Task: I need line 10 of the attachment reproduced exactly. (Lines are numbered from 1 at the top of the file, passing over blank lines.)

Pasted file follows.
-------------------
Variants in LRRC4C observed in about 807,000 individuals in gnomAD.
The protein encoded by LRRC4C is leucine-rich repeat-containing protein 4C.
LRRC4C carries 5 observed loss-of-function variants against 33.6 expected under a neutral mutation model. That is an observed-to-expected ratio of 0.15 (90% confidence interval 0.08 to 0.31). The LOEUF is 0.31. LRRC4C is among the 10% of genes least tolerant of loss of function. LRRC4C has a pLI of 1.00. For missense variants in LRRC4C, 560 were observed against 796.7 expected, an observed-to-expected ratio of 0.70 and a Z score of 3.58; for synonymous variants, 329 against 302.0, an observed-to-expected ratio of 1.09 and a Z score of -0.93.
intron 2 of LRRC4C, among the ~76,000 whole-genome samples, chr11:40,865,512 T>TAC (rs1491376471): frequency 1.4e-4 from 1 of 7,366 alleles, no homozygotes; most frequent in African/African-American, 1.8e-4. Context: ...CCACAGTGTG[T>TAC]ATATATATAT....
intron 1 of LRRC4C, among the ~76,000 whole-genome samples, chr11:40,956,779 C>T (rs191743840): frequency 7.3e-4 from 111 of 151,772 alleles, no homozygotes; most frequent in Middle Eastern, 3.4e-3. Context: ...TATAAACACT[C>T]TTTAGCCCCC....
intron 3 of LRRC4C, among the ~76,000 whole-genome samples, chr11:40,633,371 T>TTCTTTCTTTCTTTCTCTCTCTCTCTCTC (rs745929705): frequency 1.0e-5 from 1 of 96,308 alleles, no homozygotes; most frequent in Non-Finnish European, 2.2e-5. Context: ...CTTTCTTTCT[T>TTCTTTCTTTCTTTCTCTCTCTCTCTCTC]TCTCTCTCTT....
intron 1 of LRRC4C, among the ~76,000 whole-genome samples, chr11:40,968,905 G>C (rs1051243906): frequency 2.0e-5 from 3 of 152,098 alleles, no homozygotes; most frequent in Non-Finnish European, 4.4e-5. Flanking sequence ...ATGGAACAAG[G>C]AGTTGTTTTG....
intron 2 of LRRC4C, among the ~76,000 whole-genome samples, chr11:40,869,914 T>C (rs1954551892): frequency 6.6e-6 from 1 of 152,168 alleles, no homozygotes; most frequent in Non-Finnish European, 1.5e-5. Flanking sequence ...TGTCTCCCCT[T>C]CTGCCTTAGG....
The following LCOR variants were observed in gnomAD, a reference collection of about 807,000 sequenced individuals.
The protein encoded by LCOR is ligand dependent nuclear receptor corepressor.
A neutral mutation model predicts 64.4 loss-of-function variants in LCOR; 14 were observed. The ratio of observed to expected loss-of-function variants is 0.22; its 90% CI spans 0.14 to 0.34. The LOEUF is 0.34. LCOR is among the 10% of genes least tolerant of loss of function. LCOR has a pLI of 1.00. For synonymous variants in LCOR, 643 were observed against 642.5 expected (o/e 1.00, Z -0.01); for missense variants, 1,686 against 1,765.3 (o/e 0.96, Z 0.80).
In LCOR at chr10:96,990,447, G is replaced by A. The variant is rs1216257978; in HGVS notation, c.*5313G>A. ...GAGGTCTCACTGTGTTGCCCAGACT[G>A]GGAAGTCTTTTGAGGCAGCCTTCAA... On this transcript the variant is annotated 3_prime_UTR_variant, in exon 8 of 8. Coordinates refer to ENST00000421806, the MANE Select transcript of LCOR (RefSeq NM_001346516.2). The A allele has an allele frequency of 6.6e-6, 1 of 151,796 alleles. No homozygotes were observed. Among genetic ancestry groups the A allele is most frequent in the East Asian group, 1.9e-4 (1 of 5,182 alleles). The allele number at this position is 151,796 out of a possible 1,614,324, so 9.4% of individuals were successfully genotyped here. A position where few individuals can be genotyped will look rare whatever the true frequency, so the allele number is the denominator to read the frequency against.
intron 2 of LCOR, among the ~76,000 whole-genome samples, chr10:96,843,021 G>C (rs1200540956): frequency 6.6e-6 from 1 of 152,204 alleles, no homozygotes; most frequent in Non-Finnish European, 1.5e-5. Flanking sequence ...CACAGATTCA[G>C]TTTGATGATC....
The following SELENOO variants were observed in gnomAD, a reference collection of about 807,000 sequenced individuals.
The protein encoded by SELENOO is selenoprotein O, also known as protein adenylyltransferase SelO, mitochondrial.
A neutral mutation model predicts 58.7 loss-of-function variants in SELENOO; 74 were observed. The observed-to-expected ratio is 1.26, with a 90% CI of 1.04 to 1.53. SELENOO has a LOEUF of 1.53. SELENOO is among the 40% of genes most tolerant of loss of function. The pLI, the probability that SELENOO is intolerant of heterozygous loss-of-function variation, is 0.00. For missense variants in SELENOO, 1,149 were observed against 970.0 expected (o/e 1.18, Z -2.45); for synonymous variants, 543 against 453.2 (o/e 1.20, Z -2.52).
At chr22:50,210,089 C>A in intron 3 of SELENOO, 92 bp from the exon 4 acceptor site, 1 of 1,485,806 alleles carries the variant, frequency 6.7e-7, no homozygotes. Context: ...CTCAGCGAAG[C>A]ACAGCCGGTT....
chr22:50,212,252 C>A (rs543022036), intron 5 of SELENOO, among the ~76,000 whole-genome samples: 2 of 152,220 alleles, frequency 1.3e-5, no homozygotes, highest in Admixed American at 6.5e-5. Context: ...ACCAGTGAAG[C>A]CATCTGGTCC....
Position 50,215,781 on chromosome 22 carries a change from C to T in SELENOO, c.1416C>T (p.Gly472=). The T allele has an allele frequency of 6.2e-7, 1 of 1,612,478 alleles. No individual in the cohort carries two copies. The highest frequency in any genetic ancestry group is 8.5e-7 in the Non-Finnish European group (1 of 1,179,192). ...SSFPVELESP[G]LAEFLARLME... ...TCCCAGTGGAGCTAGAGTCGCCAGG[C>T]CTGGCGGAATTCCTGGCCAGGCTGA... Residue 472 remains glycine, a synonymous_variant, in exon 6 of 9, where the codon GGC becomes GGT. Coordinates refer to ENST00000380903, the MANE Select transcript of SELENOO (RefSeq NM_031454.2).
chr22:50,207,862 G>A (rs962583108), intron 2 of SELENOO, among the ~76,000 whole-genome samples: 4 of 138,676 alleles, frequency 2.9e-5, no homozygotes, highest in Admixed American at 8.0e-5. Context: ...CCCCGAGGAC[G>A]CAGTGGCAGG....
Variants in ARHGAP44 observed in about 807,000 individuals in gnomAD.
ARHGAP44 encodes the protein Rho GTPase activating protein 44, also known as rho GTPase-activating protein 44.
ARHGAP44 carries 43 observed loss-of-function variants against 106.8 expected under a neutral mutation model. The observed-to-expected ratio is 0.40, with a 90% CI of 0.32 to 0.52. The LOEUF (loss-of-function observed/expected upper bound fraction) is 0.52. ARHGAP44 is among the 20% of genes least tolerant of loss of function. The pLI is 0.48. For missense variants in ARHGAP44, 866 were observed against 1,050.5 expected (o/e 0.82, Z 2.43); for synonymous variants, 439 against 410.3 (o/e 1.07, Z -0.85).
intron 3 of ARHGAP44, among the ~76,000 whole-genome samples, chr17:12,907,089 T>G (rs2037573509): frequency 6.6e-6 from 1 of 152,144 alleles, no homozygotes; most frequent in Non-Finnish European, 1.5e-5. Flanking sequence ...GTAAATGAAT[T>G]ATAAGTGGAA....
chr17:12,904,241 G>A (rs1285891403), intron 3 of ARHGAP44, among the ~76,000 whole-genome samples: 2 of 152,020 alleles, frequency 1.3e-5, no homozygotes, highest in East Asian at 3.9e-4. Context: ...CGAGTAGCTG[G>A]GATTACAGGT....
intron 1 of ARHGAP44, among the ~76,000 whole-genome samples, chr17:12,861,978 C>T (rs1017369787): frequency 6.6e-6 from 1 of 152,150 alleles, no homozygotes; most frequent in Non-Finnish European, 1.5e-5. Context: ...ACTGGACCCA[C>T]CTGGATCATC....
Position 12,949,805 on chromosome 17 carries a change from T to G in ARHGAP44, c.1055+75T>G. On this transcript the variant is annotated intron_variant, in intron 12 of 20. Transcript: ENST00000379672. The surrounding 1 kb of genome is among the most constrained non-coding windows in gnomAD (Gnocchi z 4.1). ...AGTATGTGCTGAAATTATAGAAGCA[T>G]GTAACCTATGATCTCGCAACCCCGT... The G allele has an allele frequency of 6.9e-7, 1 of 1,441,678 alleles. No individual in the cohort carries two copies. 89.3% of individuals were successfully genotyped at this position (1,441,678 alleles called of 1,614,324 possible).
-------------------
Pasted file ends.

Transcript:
The protein encoded by LCOR is ligand dependent nuclear receptor corepressor.